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If as a NWSSA member, you could take 3-4 hours in one day to learn something about the carving of stone and the creation of sculpture - what would it be? Al Mangold demonstrates his simple and inexpensve chisel forge

That was the question asked at the July 2013 Board meeting. The result, after 103 people gave us their opinions was to schedule workshops scattered over the next year that addressed their desire to meet other carvers and learn.

By the time you read this the Sharpening Tools, Working with Marenakos, Pedestal Building, Learning to Photograph Your Sculpture and the Neolithic Stone Warehouse Tour will have been completed. Coming up in 2014 are two soft stone figurative workshops by Sabah Al-Dhaher. First will be Carving the Face and Head on February 15 and on March 15 will be Carving the Human Figure. In the planning stages are: Basics of Carving Marble, Working Hard stone, Combining Stone and Steel, and River Walks – What’s hidden in the stones you find. There are more workshops that have been proposed and that will be put in place as we find instructors and places to hold them. Speaking of places, a big thank you to Al Mangold, Kentaro Kojima, Rich Hestekind, Ken Barnes, Sabah Al-Dhaher and Carl Nelson for opening their studios.And to Randy Zieber from Neolithic Stone and Scott Hackney from Marenakos for opening their businesses.Thanks to all of you for setting aside the time to welcome NWSSA.

In October, the workshop “Sharpening Tools” was held in Ken Barnes Studio. A full house of new and old carvers got to share Al Mangold’s wisdom of sharpening and tempering steel for tools. Some of the less experienced carvers had the opportunity to ask good questions and received good answers. Questions like, “This 1-inch wide flat tooth chisel, when would I use it in carving?” The answer came in the form of a demonstration where we all get to see: how it is used, the trace of the teeth on a new flat surface, how sharpening makes a big difference and that when carving marble it keeps its edge (unless abused on the corner.)

The first weekend in November, Marenakos hosted “Working with Marenakos as a Sculptor,” There were many faces from all over Puget Sound and many new to Marenakos that registered for this guided tour through their stone yard and fabrication facility. Again, it was the casual questions during the tour that revealed information about the “natural shapes of stone” they harvest, how to work their available stone (Especially basalt and granite). Kentaro was our host and if you ever want anything from Marenakos he will be the NWSSA contact. Rich Hestekind also accompanied the group in the walk thru the yard and his 20 year plus history of working with big and hard stone from Marenakos was invaluable. An example he gave of when to use their fabrication capabilities was in having Marenakos do the “butt” cut – i.e. making a flat cut for the bottom of a large piece. Rich thinks of it as a huge time-saver.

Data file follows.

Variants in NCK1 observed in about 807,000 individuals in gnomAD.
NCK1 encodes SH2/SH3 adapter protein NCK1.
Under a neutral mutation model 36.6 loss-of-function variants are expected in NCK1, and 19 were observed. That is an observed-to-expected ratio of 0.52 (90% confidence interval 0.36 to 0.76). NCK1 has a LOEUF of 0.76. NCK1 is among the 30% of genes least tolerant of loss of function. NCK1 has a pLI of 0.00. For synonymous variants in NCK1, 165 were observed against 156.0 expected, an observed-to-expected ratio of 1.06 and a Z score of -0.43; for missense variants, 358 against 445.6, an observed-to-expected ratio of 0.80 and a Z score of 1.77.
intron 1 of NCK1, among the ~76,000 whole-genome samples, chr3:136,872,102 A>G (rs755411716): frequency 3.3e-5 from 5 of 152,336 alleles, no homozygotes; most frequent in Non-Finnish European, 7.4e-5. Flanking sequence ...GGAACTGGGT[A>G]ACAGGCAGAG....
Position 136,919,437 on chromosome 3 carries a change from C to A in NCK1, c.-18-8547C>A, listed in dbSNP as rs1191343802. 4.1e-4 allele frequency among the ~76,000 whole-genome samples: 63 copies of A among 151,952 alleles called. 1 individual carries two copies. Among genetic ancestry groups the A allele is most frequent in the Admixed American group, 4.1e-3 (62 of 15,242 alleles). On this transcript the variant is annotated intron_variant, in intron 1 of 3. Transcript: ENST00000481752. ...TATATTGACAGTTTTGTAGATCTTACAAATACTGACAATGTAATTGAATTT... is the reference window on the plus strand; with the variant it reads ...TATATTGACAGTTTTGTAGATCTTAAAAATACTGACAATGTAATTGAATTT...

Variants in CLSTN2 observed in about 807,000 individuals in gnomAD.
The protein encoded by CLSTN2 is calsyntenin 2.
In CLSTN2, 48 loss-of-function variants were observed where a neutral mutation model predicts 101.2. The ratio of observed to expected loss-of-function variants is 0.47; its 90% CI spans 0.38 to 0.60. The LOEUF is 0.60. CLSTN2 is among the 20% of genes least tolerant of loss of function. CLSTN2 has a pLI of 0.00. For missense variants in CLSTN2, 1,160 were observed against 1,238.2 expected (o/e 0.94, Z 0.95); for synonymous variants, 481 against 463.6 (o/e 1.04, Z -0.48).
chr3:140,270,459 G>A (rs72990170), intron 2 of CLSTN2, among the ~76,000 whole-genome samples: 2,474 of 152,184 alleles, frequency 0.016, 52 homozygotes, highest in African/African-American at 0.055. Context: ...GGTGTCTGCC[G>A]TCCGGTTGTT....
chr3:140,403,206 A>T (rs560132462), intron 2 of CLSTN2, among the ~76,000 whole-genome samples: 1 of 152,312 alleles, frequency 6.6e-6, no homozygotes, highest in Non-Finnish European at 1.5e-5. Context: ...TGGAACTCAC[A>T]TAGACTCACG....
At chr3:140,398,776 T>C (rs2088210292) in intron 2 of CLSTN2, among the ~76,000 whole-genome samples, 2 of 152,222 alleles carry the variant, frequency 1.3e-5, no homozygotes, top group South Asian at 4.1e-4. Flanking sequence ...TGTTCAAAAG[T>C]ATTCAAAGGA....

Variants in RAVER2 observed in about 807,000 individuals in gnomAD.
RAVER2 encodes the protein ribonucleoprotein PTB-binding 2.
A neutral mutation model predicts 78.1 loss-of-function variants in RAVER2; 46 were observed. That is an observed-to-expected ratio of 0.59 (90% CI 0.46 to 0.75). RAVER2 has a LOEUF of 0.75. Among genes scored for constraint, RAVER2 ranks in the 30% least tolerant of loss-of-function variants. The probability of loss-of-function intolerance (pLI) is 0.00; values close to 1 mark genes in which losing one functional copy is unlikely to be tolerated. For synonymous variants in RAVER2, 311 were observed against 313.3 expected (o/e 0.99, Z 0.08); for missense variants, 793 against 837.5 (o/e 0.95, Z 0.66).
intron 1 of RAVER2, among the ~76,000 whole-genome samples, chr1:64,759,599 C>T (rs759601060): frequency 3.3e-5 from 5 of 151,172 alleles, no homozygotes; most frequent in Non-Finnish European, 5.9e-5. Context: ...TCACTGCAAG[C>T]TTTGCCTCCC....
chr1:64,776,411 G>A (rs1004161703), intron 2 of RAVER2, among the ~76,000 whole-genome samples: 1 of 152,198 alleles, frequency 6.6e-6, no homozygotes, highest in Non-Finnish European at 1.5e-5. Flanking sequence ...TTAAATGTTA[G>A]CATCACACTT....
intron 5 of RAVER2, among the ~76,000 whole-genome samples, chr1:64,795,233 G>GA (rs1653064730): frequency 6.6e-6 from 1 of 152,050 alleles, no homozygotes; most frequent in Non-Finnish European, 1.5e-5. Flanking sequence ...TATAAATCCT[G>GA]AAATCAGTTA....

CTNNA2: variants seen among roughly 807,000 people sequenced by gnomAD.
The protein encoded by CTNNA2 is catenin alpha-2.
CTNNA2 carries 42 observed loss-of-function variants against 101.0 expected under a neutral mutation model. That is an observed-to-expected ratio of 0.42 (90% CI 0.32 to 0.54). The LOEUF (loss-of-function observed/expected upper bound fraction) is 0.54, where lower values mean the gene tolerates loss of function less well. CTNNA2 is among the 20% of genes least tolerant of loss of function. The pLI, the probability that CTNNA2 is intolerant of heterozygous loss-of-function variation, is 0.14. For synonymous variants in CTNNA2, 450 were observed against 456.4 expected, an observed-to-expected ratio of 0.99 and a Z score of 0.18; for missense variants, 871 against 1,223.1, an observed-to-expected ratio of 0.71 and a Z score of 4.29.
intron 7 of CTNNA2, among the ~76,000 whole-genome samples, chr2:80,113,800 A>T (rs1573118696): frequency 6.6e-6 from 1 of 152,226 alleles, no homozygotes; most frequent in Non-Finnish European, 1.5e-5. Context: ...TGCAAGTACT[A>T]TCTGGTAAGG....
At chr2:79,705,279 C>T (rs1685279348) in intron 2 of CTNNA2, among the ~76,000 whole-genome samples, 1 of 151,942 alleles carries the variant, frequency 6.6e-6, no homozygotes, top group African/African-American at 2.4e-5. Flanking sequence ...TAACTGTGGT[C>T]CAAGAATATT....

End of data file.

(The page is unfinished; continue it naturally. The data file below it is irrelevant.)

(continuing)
After these two workshops I asked Lisa Svircic, a new NWSSA member to comment about her experience and here is what she said:

“As someone who is new to NWSSA and fairly new to sculpting, the workshops I've attended have been very helpful and encouraging. NWSSA members are fun and welcoming people with a ton of knowledge that is freely shared and this makes these workshops so invaluable to sculptors of all skill levels. It's nice to have the opportunity to learn from more experienced artists who encourage you to ask questions and expand your skills.”

If you know someone who is interested learning more about stone carving, these workshops would be good for them to attend, but even us older crusty carvers can get something out of them as Pat Barton said, “There is always something new to learn! There are things that I have forgotten, and things that I needed to be reminded of. These workshops have done that, and allowed me to meet new people and talk with friends that I don't see that often.”